In this case, most of the time spent in the preparation of the fee petition and supplemental fee petition—162 hours—was the time of a very senior lawyer at Steptoe & Johnson, a lawyer who billed at the highest Laffey rate, $510 per hour. If Steptoe was to take the laboring oar for all entities, she understandably needed to consult with at least one lawyer each from the Bazelon Center and Crowell & Moring, as well as with Mr. Ullman, the only ULS lawyer involved. There is no reason, however, why most of the work done in the preparation of the fee petitions could not have been performed by a more junior (and less expensive) attorney at Steptoe and, indeed, at each of the four entities involved. Accordingly, the Court will apply the Laffey rate for more junior lawyers involved in this case from the Bazelon Center, Crowell & Moring, and Steptoe, as well as Mr. Ullman's Laffey rate: for Bazelon Center lawyers, Emily Read's rate ($360 per hour); for Crowell lawyers, Luke van Houwelingen's rate ($295 per hour); for Steptoe lawyers, Latoya Brisbane's rate ($250 per hour), and for ULS, Shawn Ullman's rate ($450 per hour). Then, consistent with this Court's normal practice in non-complex cases, it will award fees at three-quarters of each of those hourly rates. See, e.g., Rooths v. District of Columbia, 802 F.Supp.2d at 63.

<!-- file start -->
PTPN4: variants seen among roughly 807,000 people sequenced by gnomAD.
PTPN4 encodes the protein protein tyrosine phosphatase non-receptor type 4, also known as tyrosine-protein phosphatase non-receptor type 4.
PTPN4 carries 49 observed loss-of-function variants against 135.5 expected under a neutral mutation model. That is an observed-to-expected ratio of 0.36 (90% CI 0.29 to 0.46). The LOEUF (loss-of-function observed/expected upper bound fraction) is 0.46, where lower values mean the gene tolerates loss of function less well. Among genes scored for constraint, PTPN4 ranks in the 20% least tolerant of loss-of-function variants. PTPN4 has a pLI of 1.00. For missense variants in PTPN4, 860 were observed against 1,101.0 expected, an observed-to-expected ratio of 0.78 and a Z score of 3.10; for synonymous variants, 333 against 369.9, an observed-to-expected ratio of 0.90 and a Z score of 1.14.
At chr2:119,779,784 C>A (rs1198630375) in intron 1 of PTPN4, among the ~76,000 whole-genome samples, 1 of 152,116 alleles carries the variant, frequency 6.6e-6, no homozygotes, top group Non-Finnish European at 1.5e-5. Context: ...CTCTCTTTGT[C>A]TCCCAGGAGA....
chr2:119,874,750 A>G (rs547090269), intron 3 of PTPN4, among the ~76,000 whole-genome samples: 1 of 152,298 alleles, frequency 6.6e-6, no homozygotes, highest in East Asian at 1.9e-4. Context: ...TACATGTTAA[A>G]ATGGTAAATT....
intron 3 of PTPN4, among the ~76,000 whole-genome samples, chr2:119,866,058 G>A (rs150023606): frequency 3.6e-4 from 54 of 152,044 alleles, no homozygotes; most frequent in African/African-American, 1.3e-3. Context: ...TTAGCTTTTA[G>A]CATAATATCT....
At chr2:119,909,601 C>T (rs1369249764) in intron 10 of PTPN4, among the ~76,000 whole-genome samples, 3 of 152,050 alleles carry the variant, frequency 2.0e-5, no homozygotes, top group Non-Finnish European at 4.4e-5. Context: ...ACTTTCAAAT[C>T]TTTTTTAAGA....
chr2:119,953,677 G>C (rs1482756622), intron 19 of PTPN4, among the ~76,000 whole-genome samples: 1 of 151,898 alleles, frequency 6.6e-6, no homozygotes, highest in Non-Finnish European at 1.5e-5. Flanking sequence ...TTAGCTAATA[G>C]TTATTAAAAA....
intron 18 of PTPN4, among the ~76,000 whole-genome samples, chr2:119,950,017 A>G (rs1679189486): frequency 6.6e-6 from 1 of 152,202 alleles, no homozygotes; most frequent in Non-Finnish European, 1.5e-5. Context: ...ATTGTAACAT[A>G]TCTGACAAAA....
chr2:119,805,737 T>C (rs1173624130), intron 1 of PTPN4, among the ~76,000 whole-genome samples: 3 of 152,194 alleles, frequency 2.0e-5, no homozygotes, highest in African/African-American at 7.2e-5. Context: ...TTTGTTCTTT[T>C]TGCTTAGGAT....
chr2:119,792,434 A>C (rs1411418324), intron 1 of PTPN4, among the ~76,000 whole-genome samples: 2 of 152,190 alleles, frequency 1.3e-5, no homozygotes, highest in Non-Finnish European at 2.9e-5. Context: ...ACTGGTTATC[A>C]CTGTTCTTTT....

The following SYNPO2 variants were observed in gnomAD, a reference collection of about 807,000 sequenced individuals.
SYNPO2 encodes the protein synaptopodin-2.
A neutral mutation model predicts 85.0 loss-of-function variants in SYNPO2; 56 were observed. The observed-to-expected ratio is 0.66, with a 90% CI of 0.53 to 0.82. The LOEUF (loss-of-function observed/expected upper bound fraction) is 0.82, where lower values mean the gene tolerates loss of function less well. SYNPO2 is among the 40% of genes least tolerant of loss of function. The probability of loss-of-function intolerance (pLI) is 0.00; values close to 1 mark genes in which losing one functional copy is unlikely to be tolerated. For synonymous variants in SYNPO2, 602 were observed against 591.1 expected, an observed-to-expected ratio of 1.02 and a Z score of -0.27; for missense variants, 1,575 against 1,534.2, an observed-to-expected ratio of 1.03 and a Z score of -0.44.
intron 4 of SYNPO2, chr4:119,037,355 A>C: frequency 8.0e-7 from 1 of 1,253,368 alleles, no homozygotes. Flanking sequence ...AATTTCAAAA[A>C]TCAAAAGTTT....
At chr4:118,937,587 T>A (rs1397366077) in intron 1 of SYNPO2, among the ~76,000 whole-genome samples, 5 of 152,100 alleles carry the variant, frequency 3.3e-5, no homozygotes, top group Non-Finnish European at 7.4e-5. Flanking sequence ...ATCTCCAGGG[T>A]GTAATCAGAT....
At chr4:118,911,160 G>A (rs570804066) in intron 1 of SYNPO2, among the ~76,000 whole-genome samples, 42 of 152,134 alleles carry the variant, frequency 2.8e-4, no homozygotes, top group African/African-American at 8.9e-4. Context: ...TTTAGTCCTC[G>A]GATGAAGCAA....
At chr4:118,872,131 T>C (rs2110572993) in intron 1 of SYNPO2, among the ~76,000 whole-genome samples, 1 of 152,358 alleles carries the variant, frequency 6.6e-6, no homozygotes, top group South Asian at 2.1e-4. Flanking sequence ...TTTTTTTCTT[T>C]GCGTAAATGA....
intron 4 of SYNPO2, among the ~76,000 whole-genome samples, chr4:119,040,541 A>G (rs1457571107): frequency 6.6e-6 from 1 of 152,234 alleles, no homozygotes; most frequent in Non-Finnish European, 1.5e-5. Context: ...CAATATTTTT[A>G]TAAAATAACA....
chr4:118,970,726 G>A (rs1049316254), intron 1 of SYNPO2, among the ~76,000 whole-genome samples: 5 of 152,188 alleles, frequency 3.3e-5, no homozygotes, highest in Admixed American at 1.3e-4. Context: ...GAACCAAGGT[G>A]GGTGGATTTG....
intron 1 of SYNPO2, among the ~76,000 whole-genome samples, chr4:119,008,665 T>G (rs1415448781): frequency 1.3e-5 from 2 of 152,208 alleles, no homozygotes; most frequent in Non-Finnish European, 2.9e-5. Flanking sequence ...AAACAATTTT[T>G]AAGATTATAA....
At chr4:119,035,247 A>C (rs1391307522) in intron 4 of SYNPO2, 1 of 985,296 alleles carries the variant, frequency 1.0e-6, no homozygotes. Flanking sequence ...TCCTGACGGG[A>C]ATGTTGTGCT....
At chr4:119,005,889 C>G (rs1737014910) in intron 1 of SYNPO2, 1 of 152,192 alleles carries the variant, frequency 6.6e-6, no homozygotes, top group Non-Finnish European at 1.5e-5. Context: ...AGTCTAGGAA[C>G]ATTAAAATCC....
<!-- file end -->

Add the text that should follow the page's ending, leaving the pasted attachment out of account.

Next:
B. The Hours Billed Are Reduced in Part
The District makes a blanket argument that plaintiff's fees should be reduced because they are excessive considering the nature of this action. To support this argument, the District provides a comparison of the fees requested here and a range of fees awarded in other IDEA administrative actions. See Fee Opp. at 13–17. The District's comparison, however, is not probative, as each case must be judged on its own merits. See Hensley v. Eckerhart , 461 U.S. at 429, 103 S.Ct. 1933 (concluding that the fee amount “must be determined on the facts of each case”). While this fee request undoubtedly is much larger than the typical fee request in a routine IDEA case, the Court already has pointed out that this is not a typical IDEA case. The issues involved here were complex and time-consuming and have broad implications for all charter schools in the District of Columbia. Furthermore, as note supra at note 6, the complexity was a direct result of the District of Columbia's having failed to provide services to A.J. in part by claiming, on multiple occasions, to have no authority over Chavez, a DCPS charter school. See R & R at 6–7.